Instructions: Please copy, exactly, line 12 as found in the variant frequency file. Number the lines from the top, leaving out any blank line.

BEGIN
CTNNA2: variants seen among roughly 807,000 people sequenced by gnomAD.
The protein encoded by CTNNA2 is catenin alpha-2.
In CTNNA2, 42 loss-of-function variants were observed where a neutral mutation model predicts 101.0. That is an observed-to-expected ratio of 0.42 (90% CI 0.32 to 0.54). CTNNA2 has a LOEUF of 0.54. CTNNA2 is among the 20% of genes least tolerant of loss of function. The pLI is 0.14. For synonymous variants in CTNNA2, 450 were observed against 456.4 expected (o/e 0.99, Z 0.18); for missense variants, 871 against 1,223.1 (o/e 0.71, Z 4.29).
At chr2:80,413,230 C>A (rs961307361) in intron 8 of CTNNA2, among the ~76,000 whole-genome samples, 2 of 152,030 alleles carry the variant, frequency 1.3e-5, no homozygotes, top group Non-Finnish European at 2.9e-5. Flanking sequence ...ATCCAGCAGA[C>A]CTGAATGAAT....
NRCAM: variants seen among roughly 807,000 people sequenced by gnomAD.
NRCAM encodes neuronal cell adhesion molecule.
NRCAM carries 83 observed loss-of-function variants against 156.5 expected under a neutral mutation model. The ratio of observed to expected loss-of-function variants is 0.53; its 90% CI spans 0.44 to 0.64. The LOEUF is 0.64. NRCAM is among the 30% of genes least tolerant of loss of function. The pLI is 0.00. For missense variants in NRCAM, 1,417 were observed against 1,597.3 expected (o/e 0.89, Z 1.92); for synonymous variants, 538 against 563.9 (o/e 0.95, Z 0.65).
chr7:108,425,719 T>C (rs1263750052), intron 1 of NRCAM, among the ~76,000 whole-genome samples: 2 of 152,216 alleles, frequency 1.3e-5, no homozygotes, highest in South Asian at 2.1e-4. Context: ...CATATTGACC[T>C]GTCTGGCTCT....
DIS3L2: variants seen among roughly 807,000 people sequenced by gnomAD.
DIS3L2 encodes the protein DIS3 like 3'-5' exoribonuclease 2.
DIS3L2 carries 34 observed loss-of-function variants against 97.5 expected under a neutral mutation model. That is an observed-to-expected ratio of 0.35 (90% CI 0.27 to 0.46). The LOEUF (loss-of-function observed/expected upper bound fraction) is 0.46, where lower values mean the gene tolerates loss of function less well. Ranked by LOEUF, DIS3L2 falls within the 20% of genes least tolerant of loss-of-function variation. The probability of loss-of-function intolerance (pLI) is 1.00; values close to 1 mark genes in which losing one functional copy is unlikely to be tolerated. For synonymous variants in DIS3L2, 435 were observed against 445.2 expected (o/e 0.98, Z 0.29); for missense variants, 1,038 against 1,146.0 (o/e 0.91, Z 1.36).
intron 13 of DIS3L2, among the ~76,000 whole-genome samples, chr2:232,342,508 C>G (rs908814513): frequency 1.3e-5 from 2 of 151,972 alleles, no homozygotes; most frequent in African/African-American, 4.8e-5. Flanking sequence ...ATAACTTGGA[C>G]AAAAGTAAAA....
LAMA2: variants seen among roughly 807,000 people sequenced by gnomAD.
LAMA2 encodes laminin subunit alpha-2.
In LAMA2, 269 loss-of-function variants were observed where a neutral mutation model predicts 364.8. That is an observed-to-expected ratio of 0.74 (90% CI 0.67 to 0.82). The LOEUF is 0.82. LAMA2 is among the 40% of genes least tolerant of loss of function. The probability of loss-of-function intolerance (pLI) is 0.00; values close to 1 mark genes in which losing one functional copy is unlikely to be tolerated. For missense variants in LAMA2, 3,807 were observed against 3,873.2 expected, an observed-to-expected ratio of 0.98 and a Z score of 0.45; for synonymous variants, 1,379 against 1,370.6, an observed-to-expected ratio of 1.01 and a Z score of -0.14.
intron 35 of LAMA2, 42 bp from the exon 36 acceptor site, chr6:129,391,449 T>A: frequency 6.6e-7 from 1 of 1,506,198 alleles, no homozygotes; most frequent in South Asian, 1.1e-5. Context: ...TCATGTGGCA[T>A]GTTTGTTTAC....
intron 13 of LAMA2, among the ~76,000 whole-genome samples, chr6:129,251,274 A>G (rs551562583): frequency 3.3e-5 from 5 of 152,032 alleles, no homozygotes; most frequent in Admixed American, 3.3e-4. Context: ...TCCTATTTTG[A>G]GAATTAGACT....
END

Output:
intron 13 of DIS3L2, among the ~76,000 whole-genome samples, chr2:232,342,508 C>G (rs908814513): frequency 1.3e-5 from 2 of 151,972 alleles, no homozygotes; most frequent in African/African-American, 4.8e-5. Flanking sequence ...ATAACTTGGA[C>G]AAAAGTAAAA....